Tasting all life has to offer - and Preserving What we Can

"As I ate the oysters with their strong taste of the sea and their faint metallic taste that the cold white wine washed away, leaving only the sea taste and the succulent texture, and as I drank their cold liquid from each shell and washed it down with the crisp taste of the wine, I lost the empty feeling and began to be happy and to make plans."

Risk, Rewards, Oysters, and Pearls

Risks in life often yield rewards. Sometimes you can reap huge rewards for very little risk. Food is one of the aspects of life that affords us great thrills for comparatively little risk. Consider the oyster. Some may view it as scary, risky, even icky. But one slurp can open that most wonderful of worlds - paraphrasing Hemingway: an oyster reminds us of possibility.

Possibility is what Kim O'Donnel helped people feel about food and cooking. That is a gift. Even people who were afraid to cook, or maybe were a little tentative about trying new things, found a comforting friend in Kim's columns and her chats. Pearls of culinary wisdom and encouragement are her forté. Her last column for A Mighty Appetite is wonderful (see: Tasting All Life Has to Offer) and the comments on it show how important she is in the lives of so many readers and followers.

Well, recently, my friend Kim left The Washington Post and started two new endeavors. (This reminds me of a salty old broad I once knew with a husband and a live in friend. The whole family happily ignoring the ahem circumstances in deference to her, a woman of big appetites for whom one man was obviously not going to be sufficient. But, that's a story for another day...) After so many years at The Washington Post, it must have felt risky to leave. But Kim quickly found her footing, as anyone who knows her for five minutes would have predicted. First, she began the wonderful live chat Table Talk, Thursdays at 1 PM EST on Culinate. Click here to see full transcripts of prior weeks or to join the discussion any Thursday. You will find a welcoming group of cooks and foodies from award-winning cookbook authors to novices to whom you may be able to offer your own advice. There are always tons of recipes, links and tips shared - it is well worth eating your lunch at your desk on Thursdays!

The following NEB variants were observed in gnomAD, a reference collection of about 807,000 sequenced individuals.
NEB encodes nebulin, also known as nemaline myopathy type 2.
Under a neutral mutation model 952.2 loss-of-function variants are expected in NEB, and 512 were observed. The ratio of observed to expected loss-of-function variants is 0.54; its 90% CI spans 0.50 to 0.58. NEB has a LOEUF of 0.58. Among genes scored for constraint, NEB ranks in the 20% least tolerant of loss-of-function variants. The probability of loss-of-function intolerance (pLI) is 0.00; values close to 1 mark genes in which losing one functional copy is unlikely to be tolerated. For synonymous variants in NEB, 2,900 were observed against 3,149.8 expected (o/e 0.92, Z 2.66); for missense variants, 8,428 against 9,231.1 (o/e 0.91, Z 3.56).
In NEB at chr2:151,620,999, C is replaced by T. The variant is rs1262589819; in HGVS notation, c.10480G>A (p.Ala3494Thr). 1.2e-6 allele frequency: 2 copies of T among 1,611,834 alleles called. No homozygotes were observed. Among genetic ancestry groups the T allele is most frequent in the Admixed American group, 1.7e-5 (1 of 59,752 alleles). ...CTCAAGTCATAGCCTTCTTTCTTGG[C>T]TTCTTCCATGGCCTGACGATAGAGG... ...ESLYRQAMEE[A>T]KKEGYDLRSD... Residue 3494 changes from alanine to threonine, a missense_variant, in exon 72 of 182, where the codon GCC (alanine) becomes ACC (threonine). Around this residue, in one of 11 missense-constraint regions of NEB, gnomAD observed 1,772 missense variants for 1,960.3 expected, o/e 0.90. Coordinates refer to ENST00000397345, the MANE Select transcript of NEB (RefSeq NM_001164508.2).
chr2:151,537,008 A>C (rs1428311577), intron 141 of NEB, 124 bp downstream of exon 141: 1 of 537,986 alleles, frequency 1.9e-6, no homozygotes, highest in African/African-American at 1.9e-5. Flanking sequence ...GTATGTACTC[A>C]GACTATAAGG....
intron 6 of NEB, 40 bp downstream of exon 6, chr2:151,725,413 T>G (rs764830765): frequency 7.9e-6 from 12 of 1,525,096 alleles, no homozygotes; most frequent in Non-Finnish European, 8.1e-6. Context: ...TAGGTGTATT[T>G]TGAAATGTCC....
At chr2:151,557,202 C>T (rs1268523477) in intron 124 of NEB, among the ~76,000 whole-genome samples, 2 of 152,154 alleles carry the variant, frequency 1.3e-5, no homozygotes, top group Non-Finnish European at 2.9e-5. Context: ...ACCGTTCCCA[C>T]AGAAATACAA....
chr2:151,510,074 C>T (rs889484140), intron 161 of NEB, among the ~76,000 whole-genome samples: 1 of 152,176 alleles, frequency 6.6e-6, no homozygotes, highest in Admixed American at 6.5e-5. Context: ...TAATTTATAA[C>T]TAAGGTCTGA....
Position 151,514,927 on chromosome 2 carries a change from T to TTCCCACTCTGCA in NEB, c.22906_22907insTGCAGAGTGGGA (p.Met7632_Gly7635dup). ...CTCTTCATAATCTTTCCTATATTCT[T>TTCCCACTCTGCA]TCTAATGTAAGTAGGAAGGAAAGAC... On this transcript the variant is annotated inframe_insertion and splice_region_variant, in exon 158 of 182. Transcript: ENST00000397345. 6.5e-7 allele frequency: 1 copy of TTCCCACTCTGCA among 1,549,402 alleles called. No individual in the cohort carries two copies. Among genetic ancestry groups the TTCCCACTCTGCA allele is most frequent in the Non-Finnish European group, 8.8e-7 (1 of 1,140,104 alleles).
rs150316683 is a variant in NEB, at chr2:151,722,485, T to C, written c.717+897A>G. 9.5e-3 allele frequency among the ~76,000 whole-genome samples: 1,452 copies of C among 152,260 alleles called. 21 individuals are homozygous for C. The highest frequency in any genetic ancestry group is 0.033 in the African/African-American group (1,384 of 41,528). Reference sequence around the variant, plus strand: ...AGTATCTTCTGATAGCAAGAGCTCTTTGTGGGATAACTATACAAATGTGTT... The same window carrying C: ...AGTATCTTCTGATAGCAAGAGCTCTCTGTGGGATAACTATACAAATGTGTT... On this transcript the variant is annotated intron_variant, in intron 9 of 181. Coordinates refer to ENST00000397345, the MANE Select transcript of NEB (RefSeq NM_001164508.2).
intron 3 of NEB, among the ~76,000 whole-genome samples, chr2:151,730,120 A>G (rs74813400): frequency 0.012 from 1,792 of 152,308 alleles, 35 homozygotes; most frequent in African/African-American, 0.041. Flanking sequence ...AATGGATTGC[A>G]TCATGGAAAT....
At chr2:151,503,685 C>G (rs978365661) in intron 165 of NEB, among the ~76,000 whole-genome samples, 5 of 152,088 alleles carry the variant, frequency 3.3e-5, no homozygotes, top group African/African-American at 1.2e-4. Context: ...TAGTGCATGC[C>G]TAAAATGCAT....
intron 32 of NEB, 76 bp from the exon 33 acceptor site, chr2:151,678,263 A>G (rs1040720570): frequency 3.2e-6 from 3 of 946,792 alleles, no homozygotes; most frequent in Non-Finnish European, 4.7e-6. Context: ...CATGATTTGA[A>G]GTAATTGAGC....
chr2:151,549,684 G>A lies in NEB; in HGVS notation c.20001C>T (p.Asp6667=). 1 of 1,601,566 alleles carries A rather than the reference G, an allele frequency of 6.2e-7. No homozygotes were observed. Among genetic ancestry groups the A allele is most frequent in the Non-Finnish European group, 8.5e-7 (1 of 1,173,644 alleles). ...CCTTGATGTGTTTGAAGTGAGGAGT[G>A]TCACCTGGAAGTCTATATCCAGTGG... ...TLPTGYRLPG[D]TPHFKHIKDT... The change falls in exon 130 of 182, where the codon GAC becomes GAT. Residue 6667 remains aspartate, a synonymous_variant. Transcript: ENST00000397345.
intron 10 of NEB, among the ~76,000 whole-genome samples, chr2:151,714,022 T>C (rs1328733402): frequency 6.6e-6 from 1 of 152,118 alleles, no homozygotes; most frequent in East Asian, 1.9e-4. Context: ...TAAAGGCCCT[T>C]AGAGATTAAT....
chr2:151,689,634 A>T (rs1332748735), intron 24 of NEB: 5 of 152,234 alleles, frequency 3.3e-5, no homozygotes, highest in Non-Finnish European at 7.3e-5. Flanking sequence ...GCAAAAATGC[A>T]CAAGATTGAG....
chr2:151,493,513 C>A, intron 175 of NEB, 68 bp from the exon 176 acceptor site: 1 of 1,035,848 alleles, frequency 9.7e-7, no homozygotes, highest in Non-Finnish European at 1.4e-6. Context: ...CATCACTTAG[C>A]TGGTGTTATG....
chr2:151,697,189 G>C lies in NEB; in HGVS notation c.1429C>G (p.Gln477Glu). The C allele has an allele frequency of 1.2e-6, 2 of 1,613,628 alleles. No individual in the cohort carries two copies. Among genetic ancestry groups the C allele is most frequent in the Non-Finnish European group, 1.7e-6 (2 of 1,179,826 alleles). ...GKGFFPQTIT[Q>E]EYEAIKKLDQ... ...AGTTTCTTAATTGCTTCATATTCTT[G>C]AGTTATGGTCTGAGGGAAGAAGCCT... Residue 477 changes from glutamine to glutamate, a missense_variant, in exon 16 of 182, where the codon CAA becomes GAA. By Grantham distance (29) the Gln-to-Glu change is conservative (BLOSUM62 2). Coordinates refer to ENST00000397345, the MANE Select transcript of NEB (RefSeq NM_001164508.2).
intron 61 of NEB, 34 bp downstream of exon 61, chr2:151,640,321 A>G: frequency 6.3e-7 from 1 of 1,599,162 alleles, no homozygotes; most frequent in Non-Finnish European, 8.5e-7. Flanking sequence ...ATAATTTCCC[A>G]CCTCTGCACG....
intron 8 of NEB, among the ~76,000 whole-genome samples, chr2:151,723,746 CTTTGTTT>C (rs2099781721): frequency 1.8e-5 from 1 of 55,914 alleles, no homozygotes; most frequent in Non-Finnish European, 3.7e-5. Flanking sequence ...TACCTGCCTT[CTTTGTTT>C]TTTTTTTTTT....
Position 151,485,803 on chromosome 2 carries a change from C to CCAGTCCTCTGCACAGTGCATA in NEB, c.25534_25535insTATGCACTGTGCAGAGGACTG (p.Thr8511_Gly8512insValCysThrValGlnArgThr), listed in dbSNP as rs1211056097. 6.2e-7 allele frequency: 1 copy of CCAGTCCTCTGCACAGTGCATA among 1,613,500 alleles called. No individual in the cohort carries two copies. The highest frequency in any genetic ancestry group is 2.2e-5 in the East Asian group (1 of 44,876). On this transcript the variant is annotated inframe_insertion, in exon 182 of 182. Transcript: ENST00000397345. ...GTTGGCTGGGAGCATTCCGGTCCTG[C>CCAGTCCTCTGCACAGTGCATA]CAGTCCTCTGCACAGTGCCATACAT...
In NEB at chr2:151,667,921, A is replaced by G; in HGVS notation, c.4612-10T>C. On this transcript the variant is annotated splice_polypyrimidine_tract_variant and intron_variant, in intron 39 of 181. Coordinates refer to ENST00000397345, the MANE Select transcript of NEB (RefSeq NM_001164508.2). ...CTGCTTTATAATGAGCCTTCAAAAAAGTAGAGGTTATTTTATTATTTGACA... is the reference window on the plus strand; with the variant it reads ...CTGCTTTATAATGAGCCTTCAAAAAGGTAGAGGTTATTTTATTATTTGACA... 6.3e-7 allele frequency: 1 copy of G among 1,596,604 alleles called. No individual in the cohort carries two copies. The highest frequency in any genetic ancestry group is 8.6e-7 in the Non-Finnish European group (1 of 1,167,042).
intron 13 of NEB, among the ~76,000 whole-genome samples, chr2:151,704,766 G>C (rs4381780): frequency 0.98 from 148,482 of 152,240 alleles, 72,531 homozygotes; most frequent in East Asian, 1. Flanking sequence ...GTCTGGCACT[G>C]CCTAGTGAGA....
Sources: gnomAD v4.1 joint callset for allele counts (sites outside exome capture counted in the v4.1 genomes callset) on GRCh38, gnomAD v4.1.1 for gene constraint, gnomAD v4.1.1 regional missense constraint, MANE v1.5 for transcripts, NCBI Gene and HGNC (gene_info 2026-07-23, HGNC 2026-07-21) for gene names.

The other new endeavor for Kim is the the True/Slant column she's now authoring called Licking Your Chops. It's an exciting new online news source that offers more editorial content and news analysis than many of the blogs or aggregators, and even than many news sources, sadly. "News is more than what happens" is their tagline. Here is Kim's True/Slant column. One of her first posts got picked up by a little newspaper you may have heard of...The New York Times. And, it was on a subject near and dear to my heart, sustainable seafood. See her take on some simple rules to follow in an ever-changing field, here.

The Canvolution will not be Televised. But it will be online!

With the farm-to-table movement hitting its stride and the recession digging in its heels, the return to food preservation and the frugal ways of our past. Mark Kurlansky's Food of a Younger Land is one example of this return to our culinary past. Another example is the canning revolution. Of course, Kim caught wind of it out on the West Coast (see here) and quickly buzzed up a Google group, a blog Canning Across America, a twitter feed @Canvolution. There's also a Flickr Pool: here Cans Across America.

  • Kim asked: What if we, as an ad hoc group of cooks, writers, gardeners and sustainable-minded folk declared the weekend of 8/29-30 the first Cans Across America public effort?
  • I spread the word amongst my Boston area friends, chefs, foodies, and it looks as if Linsey of @CakeandCommerce on Twitter, is taking the lead here.
  • For a fascinating look at how the planets have aligned to support the canvolution (including parallels to prior revolutions and planetary alingments) see Stephanie Gailing's Planetary Apothecary column, Yes We Can.

I can't wait to see what happens here and hope that excess might be donated to shelters or foodbanks, wonder if that's possible?

So back to the future - allons-y!